Mitch McConnell refusing to let that warning go public is one of the great acts of betrayal of America’s democracy in our nation’s history, and should never — ever — be forgiven. McConnell put party over country in fall 2016, and, as we all now know, that was not only part of a pattern of conduct for McConnell, but a carefully orchestrated strategy of which he’s proud. So McConnell deserves to be reviled for reasons having nothing to do with partisanship, but rather, quite simply, with patriotism as conventionally defined.
Here, perhaps still in those normative terms, could we also take one step back, and linger on certain obstruction-of-justice charges that seem close to insurmountable in Trump’s own case? For just a few most obvious instances, Proof of Collusion points out that your own court-appointed defendants no doubt would have faced witness-tampering and / or obstruction-of-justice charges for the types of ad hominem attack that Trump directed daily against his public prosecutors (not to mention Trump’s public speculations on future pardons, or Trump’s unsolicited public confession that he fired Comey in order to end this investigation). And with all of this occurring voluntarily, deliberately, brazenly out in the open, could you offer your case for why Mueller nonetheless opted against pursing obstruction-of-justice charges — again perhaps turning over potential charges either to Congress or to other ongoing federal investigations?
Sure. This returns us to questions of how one develops a uniquely personal poetics for public communication, and my legal training being part of my own evolution in that regard. As you mentioned, my experience working as a public defender in two states for seven years remains critical to my writing and my research — and not just in a process-oriented sense, but also with respect to my values. One value I’ve tried to bring to the table in analyzing the Trump-Russia case is always discussing this case in ways that prosecutors and investigators and defense attorneys would discuss such a case if the defendant were (instead of the president of the United States) your next-door neighbor. I don’t believe in the US having two systems of justice, or treating the rich, powerful, famous, and well-connected any differently from everyone else.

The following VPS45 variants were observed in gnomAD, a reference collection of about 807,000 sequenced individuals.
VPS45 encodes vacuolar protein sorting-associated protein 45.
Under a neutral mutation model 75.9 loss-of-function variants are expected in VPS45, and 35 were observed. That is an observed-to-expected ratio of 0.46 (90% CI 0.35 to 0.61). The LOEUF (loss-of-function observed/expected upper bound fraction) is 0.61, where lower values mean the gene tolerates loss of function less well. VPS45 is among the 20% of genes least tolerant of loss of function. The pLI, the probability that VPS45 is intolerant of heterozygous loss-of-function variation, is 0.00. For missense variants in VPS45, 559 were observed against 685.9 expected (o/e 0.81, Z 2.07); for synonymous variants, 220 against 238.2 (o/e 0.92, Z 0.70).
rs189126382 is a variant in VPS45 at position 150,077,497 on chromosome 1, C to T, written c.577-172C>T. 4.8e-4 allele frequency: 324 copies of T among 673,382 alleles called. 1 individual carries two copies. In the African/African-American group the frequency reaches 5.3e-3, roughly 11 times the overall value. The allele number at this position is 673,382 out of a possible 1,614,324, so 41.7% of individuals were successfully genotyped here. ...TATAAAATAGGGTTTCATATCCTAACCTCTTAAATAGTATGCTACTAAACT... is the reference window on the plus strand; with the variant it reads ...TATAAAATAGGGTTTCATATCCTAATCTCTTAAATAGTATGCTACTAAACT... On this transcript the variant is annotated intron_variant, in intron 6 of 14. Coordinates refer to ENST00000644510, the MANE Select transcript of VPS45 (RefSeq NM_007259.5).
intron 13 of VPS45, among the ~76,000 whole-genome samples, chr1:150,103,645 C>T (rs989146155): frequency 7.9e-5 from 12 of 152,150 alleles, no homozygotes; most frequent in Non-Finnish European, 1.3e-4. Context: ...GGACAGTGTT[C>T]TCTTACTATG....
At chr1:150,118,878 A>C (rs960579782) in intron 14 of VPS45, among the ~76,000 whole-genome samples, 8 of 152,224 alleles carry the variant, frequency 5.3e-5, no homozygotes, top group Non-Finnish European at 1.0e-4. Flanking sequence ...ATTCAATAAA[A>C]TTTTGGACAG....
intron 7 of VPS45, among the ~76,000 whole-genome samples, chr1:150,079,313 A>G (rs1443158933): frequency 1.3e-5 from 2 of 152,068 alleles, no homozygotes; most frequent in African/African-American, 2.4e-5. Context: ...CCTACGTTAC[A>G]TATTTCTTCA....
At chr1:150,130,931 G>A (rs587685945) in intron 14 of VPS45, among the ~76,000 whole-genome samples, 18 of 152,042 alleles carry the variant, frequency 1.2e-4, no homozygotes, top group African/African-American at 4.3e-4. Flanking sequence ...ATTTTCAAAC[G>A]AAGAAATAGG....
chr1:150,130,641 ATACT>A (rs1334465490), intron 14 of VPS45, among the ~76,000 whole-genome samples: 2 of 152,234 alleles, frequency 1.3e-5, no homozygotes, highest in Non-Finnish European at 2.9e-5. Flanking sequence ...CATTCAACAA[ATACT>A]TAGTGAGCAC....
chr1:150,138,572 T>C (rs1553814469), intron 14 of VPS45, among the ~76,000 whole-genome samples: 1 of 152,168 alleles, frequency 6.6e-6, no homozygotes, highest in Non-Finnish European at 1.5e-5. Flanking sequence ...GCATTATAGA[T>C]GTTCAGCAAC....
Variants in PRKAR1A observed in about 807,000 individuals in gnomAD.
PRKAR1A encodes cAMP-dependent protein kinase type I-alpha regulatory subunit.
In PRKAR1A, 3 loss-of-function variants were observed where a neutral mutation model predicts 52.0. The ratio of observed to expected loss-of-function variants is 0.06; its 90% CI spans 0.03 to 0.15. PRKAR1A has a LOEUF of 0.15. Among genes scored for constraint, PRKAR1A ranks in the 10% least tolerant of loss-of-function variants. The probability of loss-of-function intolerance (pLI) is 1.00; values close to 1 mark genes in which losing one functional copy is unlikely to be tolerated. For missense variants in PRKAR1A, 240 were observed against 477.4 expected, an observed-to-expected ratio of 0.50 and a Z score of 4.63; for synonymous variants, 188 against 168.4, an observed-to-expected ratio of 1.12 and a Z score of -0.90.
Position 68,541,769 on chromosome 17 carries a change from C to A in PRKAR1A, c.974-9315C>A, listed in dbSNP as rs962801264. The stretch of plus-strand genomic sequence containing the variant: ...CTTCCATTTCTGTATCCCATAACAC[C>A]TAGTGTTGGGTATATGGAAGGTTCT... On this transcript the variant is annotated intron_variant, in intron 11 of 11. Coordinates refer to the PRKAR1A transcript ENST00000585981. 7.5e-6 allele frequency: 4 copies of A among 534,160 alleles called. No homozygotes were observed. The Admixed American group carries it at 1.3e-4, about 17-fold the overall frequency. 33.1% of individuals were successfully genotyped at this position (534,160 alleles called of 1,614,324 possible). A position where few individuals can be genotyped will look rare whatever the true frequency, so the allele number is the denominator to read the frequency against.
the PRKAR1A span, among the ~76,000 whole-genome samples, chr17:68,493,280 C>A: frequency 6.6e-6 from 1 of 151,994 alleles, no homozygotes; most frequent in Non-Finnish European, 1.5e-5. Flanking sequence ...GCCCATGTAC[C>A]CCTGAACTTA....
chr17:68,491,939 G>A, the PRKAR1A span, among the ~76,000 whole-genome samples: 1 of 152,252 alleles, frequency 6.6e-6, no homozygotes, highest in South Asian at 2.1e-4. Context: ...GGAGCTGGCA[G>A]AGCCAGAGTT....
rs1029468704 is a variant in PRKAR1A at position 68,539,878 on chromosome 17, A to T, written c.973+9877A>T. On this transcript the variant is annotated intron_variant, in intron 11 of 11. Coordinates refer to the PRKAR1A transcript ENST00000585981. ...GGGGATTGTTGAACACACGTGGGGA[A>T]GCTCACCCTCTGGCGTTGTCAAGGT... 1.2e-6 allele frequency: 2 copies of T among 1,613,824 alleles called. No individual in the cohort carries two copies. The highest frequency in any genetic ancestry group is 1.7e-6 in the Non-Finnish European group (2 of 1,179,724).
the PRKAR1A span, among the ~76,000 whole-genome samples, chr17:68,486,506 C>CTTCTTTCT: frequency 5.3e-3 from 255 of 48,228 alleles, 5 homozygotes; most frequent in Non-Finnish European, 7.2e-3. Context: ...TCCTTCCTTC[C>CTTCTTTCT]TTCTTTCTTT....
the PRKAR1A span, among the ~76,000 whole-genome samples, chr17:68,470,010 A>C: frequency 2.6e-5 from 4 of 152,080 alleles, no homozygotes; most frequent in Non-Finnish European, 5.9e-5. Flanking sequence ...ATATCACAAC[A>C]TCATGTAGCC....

So on the obstruction issue, I could probably cite over 50 incidents in which this president has engaged in actions that could support a conviction for obstruction of justice — at least if you or me, or your next-door neighbor or my next-door neighbor, had engaged in those actions. And yet our public conversations about Mr. Trump’s obstructions of justice proceed so cautiously that even after we have seen him write a false statement for his son to deliver to the public, while pretending that his son had written this statement, and while knowing that criminal investigators would use the statement in an ongoing criminal investigation…just that one incident, in and of itself, could serve as the centerpiece for a criminal prosecution of the average citizen on obstruction charges. Similarly, some of the tweets that Mr. Trump sent out regarding Sally Yates or Jim Comey (or Michael Cohen, for that matter) clearly attempted to intimidate these individuals into testifying in ways more beneficial to Mr. Trump — or not testifying at all. Any of those tweets could be the centerpiece for a successful witness-tampering prosecution against the average citizen.
But when cable-news pundits get hold of this information, and then find themselves on camera, mindful of the fact that they have a professional career they want to protect in the law and / or in media, and that they’re talking about the most powerful man in the United States and possibly the world, they say something like, “Maybe if we take these 50 incidents, and put them all together, that might possibly support a prosecution for obstruction or witness tampering.” And when I hear that, the public defender in me gets angry. I’ll admit it. I get angry. Because I have seen hundreds of people, mostly men, many of them non-white men, all of them (given their reliance on a public defender) relatively economically disadvantaged, often with responsibilities and with families who love them, go to jail, or even to prison, for conduct that adds up to just the slightest fraction of what we’ve seen this rich white billionaire get away with doing.
As a public defender, and as a lawyer, that outcome offends my core values. But I also don’t know how any citizen can watch on TV as this person no better than the rest of us somehow gets treated so differently by our legal system. That should offend the sense of justice and fair play (and again patriotism), and the belief in our democracy and rule of law, for every American citizen, no matter what party they belong to. But for now it doesn’t. That mystifies me every day.
Well I did find quite moving Proof of Collusion’s concluding account of many Trump supporters as drawn to this populist nationalist not because they’ve given up on American ideals and aspirations, but because they love those ideals and aspirations (and because they considered, perhaps mistakenly, these ideals best embodied by Donald Trump’s presidential campaign). I appreciate your book’s suggestion that such Americans, like so many of us, will rally to defend American institutions when they see those institutions threatened. So could you make that case here, and could you offer some perspective on why you (a poetically inclined political semi-outsider) might end up the one making it — rather than more mainstream political leaders and reporters? But then also, could you address the apparent counter-argument or question you’ve just offered now, along the lines of: if Americans don’t yet see a dangerous corrosion of our rule of law taking place, will they ever?